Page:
“In light of the move of the SNB to intervene against Swiss, the number of available safe havens has diminished, and that is a negative for the euro against other currencies,” said Aroop Chatterjee, a currency strategist in New York at Barclays Plc in New York. “Investors will be looking to sell the euro against the dollar and the more stable European currencies such as the Norwegian krone and Swedish krona. This explains why the euro has been underperforming while the dollar has sold off.”
Sweden’s krona appreciated against the euro and the dollar after the central bank said it only “slightly” cut its guidance for future increases in interest rates while signaling it may raise the benchmark next quarter. The largest Nordic economy, which relies on exports for half its output, has seen global recovery prospects deteriorate.
The krona appreciated 0.9 percent to 8.9706 per euro and strengthened 1.6 percent against the dollar to 6.3625.
Norway’s krone rose 0.4 percent to 5.3853 per dollar and gained as much as 1.1 percent to 7.4887 versus the euro, the strongest since February 2003.
Germany’s Federal Constitutional Court in Karlsruhe today threw out suits targeting the nation’s share of the 110 billion euros ($154 billion) in loans for Greece from euro-region governments and the International Monetary Fund as well as a separate 750-billion-euro rescue fund approved last year to halt the spread of Greece’s debt crisis.
German Chancellor Angela Merkel pledged last week to consult lawmakers as much as they felt necessary as her Cabinet agreed on a reworked European Financial Stability Facility that will raise Germany’s share of European Financial Stability Facility loan guarantees to 211 billion euros.
“A lot of people in the euro zone that have been buying the Swiss franc linked to the European tensions are mainly interested in something that is quite close regionally, easily accessible and it’s about wealth preservation rather than currency appreciation,” said Thomas Stolper, chief foreign exchange strategist in London at Goldman Sachs Group Inc., in a conference call today. “If you buy the franc at 1.20 and the SNB makes a commitment to keep it at that level it doesn’t change the safe-haven function of the currency.”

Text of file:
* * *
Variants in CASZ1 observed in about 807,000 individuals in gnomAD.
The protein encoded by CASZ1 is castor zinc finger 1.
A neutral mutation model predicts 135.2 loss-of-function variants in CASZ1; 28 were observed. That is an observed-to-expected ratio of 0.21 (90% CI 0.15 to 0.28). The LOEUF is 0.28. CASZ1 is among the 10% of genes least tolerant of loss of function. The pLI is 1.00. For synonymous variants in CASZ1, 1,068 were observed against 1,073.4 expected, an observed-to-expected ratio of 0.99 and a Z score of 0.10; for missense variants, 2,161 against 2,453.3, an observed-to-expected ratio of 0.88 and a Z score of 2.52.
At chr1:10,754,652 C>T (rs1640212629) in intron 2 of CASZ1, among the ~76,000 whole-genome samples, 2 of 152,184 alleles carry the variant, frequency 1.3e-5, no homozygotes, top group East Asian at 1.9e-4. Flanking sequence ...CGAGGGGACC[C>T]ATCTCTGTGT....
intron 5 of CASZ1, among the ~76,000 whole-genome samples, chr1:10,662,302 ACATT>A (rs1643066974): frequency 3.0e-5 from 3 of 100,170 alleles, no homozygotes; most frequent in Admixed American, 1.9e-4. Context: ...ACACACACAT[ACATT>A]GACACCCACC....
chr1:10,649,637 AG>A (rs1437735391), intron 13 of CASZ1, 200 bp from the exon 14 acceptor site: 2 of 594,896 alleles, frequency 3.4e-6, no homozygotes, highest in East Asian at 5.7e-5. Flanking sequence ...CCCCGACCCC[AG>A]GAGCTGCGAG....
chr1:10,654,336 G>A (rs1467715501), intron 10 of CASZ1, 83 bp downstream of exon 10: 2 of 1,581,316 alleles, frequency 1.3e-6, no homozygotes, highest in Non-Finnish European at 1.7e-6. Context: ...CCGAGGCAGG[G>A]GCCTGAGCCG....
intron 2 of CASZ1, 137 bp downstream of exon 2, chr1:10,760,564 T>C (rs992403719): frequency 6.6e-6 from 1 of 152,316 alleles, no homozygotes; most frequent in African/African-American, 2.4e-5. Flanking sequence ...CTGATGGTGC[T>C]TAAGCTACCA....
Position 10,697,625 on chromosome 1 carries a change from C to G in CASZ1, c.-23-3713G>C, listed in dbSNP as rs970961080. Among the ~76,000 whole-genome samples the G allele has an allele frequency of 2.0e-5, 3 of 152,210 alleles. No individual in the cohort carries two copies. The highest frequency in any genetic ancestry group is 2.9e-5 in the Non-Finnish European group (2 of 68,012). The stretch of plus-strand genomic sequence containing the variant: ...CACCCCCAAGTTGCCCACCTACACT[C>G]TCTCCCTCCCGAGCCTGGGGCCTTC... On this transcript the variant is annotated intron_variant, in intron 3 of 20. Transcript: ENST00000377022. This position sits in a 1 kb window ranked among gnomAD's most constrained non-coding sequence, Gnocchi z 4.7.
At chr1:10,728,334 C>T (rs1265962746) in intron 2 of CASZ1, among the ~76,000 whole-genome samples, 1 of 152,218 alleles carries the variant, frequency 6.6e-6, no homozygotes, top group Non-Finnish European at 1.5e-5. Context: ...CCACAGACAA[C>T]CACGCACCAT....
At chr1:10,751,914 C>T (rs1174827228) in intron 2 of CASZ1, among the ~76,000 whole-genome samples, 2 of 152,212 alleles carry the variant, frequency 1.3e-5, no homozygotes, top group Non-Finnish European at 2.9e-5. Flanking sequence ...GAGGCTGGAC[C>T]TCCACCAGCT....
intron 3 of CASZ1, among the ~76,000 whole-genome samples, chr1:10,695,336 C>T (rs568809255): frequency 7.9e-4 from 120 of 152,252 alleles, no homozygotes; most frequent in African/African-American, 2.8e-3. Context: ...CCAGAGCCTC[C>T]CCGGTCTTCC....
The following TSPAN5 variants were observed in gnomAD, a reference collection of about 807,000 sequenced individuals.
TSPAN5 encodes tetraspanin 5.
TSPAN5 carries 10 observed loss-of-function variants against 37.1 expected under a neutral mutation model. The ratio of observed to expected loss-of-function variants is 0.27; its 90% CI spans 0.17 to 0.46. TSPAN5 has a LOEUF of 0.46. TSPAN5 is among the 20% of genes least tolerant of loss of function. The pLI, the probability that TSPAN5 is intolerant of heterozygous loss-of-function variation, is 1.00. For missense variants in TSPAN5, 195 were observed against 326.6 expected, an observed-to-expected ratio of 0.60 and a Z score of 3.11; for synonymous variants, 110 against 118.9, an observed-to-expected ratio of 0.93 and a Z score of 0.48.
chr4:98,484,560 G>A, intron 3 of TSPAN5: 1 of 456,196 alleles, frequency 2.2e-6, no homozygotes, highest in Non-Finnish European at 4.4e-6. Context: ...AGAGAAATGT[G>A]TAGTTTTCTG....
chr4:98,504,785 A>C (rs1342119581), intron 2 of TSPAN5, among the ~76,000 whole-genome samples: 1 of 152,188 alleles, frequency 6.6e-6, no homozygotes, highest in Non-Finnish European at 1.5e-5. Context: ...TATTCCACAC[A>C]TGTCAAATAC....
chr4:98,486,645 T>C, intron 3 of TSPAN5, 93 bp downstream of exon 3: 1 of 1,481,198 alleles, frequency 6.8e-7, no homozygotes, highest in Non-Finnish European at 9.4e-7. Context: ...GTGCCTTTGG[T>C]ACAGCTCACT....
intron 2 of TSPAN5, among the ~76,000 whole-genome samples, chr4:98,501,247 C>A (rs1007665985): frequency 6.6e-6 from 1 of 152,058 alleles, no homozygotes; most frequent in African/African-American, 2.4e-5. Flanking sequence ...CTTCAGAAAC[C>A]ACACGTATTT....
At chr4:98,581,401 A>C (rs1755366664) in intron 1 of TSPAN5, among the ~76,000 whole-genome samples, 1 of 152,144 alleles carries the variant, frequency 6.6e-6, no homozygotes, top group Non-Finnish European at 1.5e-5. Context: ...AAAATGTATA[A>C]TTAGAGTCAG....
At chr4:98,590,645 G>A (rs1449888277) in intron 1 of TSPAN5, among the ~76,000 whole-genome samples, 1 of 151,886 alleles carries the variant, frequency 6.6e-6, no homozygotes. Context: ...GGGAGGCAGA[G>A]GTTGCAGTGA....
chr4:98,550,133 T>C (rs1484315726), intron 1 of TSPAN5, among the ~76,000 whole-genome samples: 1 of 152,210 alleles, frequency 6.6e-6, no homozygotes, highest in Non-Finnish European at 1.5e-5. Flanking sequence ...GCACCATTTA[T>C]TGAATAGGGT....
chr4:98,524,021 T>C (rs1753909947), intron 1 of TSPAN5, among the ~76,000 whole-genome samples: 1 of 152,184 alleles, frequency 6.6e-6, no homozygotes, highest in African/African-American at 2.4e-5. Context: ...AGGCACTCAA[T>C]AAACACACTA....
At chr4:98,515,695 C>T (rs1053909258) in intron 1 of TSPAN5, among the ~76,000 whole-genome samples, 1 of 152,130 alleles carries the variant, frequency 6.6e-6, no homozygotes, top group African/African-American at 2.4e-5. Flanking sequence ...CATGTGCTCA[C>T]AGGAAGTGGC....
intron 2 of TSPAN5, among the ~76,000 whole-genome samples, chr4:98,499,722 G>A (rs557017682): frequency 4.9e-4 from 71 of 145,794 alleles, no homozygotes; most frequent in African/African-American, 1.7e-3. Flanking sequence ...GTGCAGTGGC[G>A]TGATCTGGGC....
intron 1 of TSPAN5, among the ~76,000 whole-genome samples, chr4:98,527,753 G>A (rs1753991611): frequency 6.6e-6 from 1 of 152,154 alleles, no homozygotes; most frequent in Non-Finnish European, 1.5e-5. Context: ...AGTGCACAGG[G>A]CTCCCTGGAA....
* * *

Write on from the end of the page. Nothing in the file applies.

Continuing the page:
The yen rose against the majority of its major counterparts after the Bank of Japan kept monetary policy unchanged today and said it would gauge the effects of adding 10 trillion yen ($130 billion) stimulus last month on the yen near a postwar high.
The U.S. currency depreciated against most of its 16 most- traded counterparts amid speculation Fed Chairman Ben S. Bernanke will signal more monetary easing in a speech tomorrow. The Federal Open Market Committee will gather for a two-day meeting on Sept. 20.
“Economic activity continued to expand at a modest pace, though some districts noted mixed or weakening activity,” the Fed said in its Beige Book survey released today in Washington.
Canada’s dollar remained higher against its U.S. counterpart after the Bank of Canada kept its main interest rate unchanged and said there’s a “diminished” need for a rate increase.
The Canadian currency gained 0.7 percent to 98.33 cents per U.S. dollar from 99.05 cents. It touched 99.66 cents yesterday, the weakest since Aug. 11.